Dietary patterns, dietary lead exposure and hypertension in the older Chinese population

Publication Type:
Journal Article
Citation:
Asia Pacific Journal of Clinical Nutrition, 2018, 27 (2), pp. 451 - 459
Issue Date:
2018-01-01
Metrics:
Full metadata record
Files in This Item:
Filename Description Size
APJCN2018V027N02_451.pdfPublished Version428.96 kB
Adobe PDF
Background and Objectives: With rapid population ageing and an increasing rate of hypertension in China, this study aims to examine the association between dietary patterns, dietary lead and hypertension among older Chinese population. Methods and Study Design: We analysed the 2009 China Health and Nutrition Survey data (2,634 individuals with dietary and hypertension measurement data, aged ≥60 years). Dietary data were obtained using 24 hour-recall over three consecutive days. Dietary lead intake is based on a published systematic review of food lead concentration and dietary lead exposure in China. Factor analysis was used to identify dietary patterns. Poisson regression and multinomial logistic regression models were used to explore the association between dietary patterns and hypertension. Results: The prevalence of hypertension was 47.0% in men and 48.9% in women. Traditional dietary pattern (high intake of rice, pork and vegetables) was significantly inversely associated with known hypertension. In the fully adjusted model, compared with the lowest quartile of traditional dietary pattern, the highest quartile had a lower risk of known hypertension, with Relative Risk Ratio=0.69 (95% CI: 0.50; 0.95). However, associations between modern dietary pattern and hypertension differed by urbanization; an inverse, positive and null association was seen in low, medium and high urbanization. Additionally, dietary lead showed a significant positive association with hypertension and known hypertension. Conclusions: Policies that facilitate and promote healthy diets, and the availability of healthy foods particularly at the regional and local levels, are important for the prevention of hypertension.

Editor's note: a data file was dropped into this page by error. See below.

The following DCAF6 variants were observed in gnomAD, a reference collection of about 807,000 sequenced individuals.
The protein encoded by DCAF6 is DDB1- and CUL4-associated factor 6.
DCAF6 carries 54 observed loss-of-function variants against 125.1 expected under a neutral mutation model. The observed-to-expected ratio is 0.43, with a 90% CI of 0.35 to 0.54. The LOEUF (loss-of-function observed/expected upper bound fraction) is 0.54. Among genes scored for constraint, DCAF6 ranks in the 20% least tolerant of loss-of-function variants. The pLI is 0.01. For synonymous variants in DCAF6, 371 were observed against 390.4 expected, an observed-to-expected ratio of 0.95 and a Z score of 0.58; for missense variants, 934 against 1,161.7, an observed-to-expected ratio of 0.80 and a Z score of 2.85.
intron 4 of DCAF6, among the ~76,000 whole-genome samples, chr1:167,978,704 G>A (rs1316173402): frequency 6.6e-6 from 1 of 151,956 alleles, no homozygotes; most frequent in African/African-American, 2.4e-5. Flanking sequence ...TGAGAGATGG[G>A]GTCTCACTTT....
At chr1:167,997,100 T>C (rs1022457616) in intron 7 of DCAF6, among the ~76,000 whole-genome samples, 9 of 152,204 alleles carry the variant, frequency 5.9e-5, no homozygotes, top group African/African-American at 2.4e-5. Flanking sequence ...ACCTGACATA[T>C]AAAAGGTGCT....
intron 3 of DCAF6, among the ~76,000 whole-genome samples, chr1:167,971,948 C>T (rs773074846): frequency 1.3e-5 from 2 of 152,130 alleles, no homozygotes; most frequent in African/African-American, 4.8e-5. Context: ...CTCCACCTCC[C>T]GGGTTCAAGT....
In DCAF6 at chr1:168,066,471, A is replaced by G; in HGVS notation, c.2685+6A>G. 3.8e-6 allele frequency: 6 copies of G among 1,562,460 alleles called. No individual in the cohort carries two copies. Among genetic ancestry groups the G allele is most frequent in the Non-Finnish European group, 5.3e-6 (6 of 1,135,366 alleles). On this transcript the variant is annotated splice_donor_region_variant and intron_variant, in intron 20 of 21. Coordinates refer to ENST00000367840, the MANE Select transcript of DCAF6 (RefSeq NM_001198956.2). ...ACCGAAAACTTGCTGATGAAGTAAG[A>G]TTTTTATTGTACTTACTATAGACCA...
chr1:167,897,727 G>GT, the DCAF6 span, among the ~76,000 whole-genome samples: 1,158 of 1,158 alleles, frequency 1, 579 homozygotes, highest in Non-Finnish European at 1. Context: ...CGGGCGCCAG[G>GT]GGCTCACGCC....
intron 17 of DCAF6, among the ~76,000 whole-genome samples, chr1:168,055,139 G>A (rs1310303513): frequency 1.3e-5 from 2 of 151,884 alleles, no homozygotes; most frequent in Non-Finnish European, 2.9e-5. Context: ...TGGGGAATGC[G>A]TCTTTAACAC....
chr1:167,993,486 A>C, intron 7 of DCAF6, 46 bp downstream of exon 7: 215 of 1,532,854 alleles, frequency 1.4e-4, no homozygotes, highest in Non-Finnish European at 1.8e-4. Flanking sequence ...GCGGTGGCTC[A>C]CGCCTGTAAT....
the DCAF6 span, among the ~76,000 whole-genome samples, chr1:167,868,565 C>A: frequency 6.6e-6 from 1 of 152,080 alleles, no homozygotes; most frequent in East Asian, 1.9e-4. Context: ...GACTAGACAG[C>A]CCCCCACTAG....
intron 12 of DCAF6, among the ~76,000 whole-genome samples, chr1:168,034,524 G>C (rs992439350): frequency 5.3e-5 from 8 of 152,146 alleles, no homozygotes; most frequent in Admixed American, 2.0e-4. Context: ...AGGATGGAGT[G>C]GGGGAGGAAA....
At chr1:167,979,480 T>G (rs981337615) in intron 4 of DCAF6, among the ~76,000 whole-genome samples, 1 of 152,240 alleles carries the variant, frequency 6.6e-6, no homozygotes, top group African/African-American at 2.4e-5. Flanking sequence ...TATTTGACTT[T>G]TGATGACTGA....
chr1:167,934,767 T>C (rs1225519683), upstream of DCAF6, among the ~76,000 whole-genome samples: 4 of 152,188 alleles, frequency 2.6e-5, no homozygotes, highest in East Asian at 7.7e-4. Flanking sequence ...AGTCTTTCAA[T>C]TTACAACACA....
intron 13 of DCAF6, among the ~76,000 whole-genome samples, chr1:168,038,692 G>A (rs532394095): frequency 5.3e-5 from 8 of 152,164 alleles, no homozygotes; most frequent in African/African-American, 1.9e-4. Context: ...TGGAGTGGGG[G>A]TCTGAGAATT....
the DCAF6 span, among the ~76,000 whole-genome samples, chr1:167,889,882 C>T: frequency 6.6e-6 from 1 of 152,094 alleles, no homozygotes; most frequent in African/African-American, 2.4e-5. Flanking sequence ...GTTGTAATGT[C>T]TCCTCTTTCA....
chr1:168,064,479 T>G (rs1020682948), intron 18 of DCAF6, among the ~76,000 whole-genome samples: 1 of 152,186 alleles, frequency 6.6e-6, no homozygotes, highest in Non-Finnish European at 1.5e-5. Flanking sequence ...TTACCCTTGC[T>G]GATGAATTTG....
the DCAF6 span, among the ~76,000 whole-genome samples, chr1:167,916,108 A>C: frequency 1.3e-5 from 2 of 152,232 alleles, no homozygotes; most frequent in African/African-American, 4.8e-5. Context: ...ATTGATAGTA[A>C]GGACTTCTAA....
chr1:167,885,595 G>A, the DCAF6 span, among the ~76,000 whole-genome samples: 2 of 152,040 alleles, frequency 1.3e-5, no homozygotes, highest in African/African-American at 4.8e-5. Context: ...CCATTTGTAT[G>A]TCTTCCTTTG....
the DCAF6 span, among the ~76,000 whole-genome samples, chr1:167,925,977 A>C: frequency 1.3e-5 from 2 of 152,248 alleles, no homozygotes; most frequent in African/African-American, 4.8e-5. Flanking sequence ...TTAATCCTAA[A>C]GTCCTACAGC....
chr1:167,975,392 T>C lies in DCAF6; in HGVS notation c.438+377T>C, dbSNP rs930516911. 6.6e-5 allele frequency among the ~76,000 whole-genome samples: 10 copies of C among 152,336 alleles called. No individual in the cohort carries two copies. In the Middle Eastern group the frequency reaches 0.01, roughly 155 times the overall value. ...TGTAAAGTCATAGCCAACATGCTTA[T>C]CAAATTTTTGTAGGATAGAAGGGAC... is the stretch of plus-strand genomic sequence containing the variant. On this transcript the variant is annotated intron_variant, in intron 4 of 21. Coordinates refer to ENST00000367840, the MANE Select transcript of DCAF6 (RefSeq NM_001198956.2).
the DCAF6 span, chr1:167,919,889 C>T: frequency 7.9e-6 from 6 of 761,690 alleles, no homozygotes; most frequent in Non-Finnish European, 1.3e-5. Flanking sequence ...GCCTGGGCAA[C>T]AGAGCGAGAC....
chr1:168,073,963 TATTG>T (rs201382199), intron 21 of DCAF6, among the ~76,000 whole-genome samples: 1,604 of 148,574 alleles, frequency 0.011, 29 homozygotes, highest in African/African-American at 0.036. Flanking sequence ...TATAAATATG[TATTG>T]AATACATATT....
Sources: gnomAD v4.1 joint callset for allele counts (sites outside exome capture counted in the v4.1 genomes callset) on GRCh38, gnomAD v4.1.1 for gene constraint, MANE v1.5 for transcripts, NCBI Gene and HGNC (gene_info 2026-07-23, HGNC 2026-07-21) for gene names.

Please use this identifier to cite or link to this item: